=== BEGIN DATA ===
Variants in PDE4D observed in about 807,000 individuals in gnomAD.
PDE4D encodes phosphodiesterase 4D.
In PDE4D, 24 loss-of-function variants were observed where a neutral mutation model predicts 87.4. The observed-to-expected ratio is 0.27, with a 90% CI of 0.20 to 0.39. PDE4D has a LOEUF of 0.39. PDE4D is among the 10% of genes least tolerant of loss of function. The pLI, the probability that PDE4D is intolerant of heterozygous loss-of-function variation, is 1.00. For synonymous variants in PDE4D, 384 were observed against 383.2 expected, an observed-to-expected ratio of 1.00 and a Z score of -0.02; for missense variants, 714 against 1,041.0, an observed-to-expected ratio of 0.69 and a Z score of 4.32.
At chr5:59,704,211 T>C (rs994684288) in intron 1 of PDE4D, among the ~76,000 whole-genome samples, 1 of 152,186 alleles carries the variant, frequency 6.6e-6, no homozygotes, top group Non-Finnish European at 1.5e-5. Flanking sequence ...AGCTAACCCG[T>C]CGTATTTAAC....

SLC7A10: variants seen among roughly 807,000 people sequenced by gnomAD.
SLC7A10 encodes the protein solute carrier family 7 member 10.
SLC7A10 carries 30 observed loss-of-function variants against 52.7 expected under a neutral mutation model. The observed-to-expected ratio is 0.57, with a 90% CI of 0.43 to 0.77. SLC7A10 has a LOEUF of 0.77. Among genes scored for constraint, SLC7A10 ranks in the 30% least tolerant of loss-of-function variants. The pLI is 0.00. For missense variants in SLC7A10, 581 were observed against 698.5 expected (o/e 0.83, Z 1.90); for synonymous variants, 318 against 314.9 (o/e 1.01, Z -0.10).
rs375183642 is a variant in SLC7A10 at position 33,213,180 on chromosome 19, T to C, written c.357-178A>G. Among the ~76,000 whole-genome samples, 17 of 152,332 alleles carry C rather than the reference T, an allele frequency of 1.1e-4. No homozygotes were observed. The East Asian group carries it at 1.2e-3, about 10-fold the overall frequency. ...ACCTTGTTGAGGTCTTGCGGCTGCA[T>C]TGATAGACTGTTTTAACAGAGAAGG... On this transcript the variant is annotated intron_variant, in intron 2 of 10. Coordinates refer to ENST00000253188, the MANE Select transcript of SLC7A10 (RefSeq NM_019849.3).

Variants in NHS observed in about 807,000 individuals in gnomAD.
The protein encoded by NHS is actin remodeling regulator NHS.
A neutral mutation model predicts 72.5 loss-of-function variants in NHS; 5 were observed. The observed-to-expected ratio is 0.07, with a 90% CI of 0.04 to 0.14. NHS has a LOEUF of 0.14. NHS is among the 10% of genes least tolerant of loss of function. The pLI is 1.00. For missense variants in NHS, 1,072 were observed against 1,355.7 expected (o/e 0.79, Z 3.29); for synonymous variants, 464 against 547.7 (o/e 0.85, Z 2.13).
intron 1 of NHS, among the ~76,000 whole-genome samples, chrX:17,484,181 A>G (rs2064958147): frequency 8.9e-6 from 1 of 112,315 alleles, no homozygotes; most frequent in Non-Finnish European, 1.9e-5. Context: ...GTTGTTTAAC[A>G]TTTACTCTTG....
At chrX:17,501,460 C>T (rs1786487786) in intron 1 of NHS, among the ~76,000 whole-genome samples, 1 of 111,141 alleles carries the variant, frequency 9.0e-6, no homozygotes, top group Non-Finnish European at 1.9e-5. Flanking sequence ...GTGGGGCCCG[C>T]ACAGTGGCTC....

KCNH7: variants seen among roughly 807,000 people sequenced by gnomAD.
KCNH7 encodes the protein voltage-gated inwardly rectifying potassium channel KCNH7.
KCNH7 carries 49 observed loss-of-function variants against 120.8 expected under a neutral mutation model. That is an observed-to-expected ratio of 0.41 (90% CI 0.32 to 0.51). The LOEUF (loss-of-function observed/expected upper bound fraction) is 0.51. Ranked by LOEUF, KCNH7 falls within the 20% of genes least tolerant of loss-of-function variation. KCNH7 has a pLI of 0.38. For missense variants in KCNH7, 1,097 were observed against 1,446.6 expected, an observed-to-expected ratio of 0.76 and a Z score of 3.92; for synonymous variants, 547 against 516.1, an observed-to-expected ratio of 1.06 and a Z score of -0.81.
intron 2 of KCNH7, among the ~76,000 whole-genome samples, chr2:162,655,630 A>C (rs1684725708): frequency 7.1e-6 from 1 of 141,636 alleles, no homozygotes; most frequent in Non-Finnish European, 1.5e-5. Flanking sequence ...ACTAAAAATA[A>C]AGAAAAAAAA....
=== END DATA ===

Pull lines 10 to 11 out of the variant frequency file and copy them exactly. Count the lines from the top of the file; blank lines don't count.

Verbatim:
The protein encoded by NHS is actin remodeling regulator NHS.
A neutral mutation model predicts 72.5 loss-of-function variants in NHS; 5 were observed. The observed-to-expected ratio is 0.07, with a 90% CI of 0.04 to 0.14. NHS has a LOEUF of 0.14. NHS is among the 10% of genes least tolerant of loss of function. The pLI is 1.00. For missense variants in NHS, 1,072 were observed against 1,355.7 expected (o/e 0.79, Z 3.29); for synonymous variants, 464 against 547.7 (o/e 0.85, Z 2.13).